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Supreme Court Upholds Center’s Decision to Revoke Article 370 in Jammu and Kashmir

The Supreme Court, led by Chief Justice DY Chandrachud, made a big decision about Jammu and Kashmir. They supported the government’s choice to end the special status given by Article 370. The court said Article 370 was a temporary thing to help Jammu and Kashmir join India. The Chief Justice stressed that Jammu and Kashmir should be treated like other states and asked for elections by September 30, 2024. Even though Jammu and Kashmir lost some control when it joined India, the court explained why the special status stayed. This decision cancels Article 370, taking away Jammu and Kashmir’s unique laws and decision-making powers, and ending its special status.

The court argued that Jammu and Kashmir’s constituent assembly, formed solely to frame the constitution, was not intended to be permanent. Chief Justice Chandrachud stated that the assembly’s recommendations were non-binding on the President. The court explained that while the special conditions for Article 370 ceased with the constituent assembly, the situation in the state persisted, justifying the article’s continuation. This ruling exemplifies asymmetric federalism, citing examples like Articles 371A to 371J providing special arrangements for different states.

The three separate judgments delivered by the bench underscored the complex nature of the case. Chief Justice Chandrachud, along with Justices BR Gavai and Surya Kant, authored one judgment. Another concurring judgment was given by Justice Sanjay Kishan Kaul, and a third by Justice Sanjiv Khanna, concurring with the former two. The removal of Article 370 stripped Jammu and Kashmir of its constitution and exclusive decision-making powers, ending its special status.

Article 370 granted Jammu and Kashmir autonomy in decision-making, except in defence, communications, and foreign affairs. Its annulment resulted in the state losing its unique status. Article 35A, embedded within Article 370, which granted the state the authority to define permanent residents and confer special rights, also ceased to exist.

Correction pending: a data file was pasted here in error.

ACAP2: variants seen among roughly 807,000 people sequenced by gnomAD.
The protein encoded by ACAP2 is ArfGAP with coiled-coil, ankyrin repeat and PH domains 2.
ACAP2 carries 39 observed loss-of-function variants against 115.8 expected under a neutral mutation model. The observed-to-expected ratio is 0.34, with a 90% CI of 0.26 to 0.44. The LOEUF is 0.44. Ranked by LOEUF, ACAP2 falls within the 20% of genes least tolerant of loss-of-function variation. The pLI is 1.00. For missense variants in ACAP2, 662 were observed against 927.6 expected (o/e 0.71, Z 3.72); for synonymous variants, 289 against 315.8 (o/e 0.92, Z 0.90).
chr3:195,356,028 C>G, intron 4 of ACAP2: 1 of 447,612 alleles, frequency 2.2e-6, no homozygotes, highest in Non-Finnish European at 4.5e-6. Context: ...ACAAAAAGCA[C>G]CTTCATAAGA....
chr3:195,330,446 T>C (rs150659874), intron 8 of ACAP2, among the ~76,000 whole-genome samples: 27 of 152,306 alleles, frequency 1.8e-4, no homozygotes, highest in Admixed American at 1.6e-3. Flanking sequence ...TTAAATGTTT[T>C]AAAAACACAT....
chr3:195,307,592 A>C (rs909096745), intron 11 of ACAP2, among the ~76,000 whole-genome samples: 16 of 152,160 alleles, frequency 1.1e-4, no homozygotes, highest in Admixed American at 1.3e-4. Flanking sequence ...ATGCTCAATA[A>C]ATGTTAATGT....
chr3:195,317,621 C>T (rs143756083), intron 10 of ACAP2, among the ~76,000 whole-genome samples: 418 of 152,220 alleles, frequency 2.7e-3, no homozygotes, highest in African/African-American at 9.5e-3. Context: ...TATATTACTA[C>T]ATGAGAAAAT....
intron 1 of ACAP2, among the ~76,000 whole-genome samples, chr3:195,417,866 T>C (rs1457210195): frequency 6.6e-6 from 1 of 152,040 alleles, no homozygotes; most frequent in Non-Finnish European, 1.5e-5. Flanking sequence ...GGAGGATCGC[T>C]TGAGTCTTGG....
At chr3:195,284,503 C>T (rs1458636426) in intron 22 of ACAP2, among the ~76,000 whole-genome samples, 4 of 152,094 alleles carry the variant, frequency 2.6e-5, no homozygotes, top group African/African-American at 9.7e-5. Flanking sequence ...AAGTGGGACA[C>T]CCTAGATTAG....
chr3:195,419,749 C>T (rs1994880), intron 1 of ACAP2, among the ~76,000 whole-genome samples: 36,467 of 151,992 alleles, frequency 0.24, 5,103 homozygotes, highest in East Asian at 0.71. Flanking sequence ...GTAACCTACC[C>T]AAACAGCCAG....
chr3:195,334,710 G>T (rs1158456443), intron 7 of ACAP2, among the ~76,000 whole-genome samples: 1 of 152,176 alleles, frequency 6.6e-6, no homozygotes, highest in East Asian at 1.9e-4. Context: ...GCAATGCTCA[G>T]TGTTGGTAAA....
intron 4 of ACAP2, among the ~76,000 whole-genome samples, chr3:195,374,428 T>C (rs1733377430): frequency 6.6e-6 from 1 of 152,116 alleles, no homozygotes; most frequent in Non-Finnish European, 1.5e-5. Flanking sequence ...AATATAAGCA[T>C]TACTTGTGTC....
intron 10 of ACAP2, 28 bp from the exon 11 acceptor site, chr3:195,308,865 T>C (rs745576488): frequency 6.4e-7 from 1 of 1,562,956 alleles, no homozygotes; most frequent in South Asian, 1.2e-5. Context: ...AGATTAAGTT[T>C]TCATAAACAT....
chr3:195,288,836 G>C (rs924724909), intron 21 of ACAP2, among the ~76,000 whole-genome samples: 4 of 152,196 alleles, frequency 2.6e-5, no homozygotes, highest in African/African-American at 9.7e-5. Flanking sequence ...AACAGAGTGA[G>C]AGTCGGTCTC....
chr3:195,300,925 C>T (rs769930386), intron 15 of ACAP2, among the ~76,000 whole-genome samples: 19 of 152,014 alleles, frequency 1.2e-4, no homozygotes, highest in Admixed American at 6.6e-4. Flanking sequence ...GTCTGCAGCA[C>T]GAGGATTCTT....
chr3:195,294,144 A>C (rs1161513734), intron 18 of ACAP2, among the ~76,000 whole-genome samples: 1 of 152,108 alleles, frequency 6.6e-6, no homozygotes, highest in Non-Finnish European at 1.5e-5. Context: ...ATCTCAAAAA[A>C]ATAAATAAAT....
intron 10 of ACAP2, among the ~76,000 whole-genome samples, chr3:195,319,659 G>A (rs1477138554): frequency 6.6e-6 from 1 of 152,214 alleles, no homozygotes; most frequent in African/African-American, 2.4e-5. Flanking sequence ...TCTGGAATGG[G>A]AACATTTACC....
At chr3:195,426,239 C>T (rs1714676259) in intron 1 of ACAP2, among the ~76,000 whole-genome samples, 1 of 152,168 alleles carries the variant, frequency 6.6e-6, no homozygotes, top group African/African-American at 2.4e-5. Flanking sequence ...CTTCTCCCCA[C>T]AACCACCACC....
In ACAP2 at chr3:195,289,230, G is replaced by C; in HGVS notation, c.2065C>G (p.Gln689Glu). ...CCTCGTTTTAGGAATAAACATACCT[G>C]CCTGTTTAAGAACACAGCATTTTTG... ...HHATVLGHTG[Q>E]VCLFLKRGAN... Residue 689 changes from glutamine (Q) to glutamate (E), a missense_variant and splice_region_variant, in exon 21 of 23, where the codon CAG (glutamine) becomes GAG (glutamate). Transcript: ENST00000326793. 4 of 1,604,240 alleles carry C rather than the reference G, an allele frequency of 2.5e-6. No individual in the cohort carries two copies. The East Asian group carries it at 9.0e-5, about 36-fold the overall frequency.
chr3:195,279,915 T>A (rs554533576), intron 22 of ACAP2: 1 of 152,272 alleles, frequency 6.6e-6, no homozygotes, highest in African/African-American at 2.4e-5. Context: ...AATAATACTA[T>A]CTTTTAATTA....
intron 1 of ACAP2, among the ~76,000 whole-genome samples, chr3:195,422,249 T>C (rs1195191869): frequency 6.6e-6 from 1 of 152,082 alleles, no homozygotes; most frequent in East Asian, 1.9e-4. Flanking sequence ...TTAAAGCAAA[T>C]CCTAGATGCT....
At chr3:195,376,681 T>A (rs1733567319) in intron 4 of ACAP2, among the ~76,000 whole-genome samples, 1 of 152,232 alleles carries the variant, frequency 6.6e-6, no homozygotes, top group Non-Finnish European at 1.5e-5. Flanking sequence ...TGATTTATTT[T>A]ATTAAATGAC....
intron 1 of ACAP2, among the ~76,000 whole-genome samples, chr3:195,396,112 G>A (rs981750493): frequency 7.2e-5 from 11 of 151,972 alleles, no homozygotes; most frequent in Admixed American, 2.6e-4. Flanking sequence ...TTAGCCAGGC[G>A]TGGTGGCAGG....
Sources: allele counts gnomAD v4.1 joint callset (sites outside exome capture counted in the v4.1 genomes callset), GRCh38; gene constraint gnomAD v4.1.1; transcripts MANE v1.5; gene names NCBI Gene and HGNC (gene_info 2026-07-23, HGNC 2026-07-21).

The Supreme Court clarified that it deemed unnecessary an examination of the validity of Jammu and Kashmir’s reorganisation into a Union Territory, as it was a temporary arrangement until the election and reinstatement of statehood. This judgment marks a significant milestone in the constitutional landscape, affirming the constitutional validity of the Center’s decision to revoke Article 370 and paving the way for Jammu and Kashmir’s equal treatment as a Union Territory.

The ruling has profound implications for the region’s political and constitutional landscape, with the removal of Article 370 reshaping Jammu and Kashmir’s legal status within the Indian Union. The court’s comprehensive explanations regarding the historical context and constitutional nuances provide clarity on the validity and consequences of the decision. As Jammu and Kashmir transition, the court’s directive for elections by 2024 emphasises the importance of swift political normalisation and restoration of democratic processes in the region.

In conclusion, the Supreme Court’s verdict on Article 370 signifies a decisive moment in India’s constitutional history. The removal of special status for Jammu and Kashmir aligns the region with the constitutional framework applicable to other states, affirming the principle of equal treatment. This ruling carries far-reaching implications for the socio-political landscape of Jammu and Kashmir, setting the stage for a new era in the region’s governance and constitutional identity.

Rugmini Dinu